Home on the Range: Meriden Summer Show

Meriden Antique Engine and Threshers Assn. showground expansion brings old-time Kansas village to life.

| October 2017

One of the fastest growing summer family destinations in the Midwest. When Kevin Kirkwood used that phrase to describe the Meriden (Kansas) Antique Engine & Threshers Assn. (MAETA) summer show, I struggled to keep my eyebrows in place. But after spending a day at the show, there was no doubt in my mind that Kevin nailed it: The Meriden show delivered on every count.

Fastest growing – and still growing

Founded in 1977, the Meriden club started out on 8-1/2 acres along K-4 Highway, about 1 mile northeast of Meriden (and about 10 miles northeast of Kansas’ capital city of Topeka).

For decades, show displays, demonstrations, a re-created village, tractor pulls, parking, concessions, vendors and basic facilities were set up cheek to jowl in a very small space. And everybody made it work. But when opportunity knocked in 2014, the club was ready.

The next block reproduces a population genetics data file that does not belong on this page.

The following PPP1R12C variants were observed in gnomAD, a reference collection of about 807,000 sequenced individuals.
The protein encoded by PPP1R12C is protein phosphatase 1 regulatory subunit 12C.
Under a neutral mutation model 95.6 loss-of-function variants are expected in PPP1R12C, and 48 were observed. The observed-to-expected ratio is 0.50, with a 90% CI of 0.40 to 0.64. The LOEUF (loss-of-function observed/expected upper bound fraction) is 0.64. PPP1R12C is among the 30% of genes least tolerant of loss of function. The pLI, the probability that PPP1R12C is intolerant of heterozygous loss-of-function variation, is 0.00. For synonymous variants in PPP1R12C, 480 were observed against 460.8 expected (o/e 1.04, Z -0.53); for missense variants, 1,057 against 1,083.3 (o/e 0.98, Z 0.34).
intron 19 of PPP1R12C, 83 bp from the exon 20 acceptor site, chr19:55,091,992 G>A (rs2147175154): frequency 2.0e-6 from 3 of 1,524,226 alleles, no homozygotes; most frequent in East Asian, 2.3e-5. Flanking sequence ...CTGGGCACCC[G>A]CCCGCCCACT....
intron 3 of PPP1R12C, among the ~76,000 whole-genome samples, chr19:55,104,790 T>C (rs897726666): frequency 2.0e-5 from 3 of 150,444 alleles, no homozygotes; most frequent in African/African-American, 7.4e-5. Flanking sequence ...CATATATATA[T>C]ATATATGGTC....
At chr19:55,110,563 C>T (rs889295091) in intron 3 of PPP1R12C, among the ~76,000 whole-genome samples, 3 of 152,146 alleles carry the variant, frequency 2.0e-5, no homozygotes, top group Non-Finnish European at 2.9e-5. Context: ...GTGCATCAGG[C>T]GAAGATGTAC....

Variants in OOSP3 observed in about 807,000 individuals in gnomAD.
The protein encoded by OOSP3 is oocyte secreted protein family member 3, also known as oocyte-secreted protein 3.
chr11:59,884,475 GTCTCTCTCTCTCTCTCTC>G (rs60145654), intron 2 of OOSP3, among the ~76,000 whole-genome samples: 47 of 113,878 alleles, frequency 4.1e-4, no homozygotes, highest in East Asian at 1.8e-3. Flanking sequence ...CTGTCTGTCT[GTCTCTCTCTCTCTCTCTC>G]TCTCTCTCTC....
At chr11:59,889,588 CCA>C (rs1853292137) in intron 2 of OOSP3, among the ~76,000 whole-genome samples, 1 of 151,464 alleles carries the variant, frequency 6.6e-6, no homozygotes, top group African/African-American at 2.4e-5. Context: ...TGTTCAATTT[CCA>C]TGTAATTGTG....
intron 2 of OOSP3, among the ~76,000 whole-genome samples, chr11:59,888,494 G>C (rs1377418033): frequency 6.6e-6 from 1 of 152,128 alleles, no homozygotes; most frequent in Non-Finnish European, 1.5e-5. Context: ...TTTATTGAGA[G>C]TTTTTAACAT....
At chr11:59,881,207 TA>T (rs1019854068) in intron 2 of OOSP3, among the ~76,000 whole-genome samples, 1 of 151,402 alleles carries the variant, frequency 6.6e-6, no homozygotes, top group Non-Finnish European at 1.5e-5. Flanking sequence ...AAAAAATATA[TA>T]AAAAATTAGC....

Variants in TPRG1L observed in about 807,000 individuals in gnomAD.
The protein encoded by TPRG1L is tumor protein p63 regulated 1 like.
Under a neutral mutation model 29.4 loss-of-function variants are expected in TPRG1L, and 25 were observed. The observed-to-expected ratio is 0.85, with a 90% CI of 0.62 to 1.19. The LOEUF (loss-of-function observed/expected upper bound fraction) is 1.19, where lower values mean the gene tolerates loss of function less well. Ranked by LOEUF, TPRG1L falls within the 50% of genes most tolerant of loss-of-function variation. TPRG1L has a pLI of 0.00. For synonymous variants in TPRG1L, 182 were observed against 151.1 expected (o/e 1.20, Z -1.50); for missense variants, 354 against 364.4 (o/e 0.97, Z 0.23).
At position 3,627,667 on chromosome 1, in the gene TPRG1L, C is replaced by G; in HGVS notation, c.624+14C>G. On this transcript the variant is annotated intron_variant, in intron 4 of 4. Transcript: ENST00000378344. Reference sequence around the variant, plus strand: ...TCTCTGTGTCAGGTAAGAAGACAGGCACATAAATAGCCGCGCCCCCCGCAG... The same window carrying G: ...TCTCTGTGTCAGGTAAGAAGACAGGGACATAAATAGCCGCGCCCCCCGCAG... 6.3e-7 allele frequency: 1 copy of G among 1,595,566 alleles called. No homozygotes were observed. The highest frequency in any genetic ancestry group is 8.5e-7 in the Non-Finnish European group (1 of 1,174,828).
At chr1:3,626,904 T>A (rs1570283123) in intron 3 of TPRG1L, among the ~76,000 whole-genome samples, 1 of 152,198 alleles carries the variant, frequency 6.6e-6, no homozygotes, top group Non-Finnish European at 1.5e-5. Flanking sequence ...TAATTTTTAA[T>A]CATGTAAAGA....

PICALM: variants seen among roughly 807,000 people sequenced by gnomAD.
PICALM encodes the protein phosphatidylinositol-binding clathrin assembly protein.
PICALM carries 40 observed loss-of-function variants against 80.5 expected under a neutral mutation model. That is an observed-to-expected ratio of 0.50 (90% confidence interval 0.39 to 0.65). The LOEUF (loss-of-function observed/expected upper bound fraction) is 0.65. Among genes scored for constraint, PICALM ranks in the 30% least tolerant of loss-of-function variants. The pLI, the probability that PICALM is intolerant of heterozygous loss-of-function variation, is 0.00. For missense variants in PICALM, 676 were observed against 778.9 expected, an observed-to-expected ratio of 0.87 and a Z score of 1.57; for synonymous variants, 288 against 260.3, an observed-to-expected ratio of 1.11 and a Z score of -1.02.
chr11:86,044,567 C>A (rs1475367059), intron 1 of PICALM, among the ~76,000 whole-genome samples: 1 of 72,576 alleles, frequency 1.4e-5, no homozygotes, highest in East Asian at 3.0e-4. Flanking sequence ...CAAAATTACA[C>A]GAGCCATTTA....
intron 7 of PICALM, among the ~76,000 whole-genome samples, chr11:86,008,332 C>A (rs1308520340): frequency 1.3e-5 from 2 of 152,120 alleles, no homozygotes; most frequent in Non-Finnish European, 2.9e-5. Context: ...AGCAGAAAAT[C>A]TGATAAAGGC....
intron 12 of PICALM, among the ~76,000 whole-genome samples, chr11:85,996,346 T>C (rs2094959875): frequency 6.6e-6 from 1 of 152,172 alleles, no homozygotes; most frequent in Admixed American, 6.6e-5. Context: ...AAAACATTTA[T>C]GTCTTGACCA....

“We were at the point where we knew we needed to do something,” says MAETA President Jess Noll. When 32 adjacent acres became available, the club and the community rallied. “Money was a big factor,” he admits, “but we came up with a phenomenal down payment.” In short, club members and supporters provided about $35,000 toward the $100,000 purchase price.

It’s not a big operation – the Meriden club has 80 to 90 paying members – but it’s a strong one. “Attendance at our monthly meetings is increasing,” says Jess, MAETA president since 2011. The average age is deep into the 60s and there aren’t many members in their 40s, but come show time, everything falls neatly in place. “Some of our older members are extremely dedicated to making this succeed,” Kevin adds. “And that dedication keeps us all going.”

Using every bit of it

At the summer show in July, cottonwood seeds drifted lazily on a wisp of a breeze. That was the only laziness on display. Threshing and baling demonstrations took place daily, lumber was being cut at the Thick and Thin Sawmill, a fully operational flourmill was open for business, a smithy or two were clanging away in the blacksmith shop, and displays of engines and tractors sprouted around the grounds.


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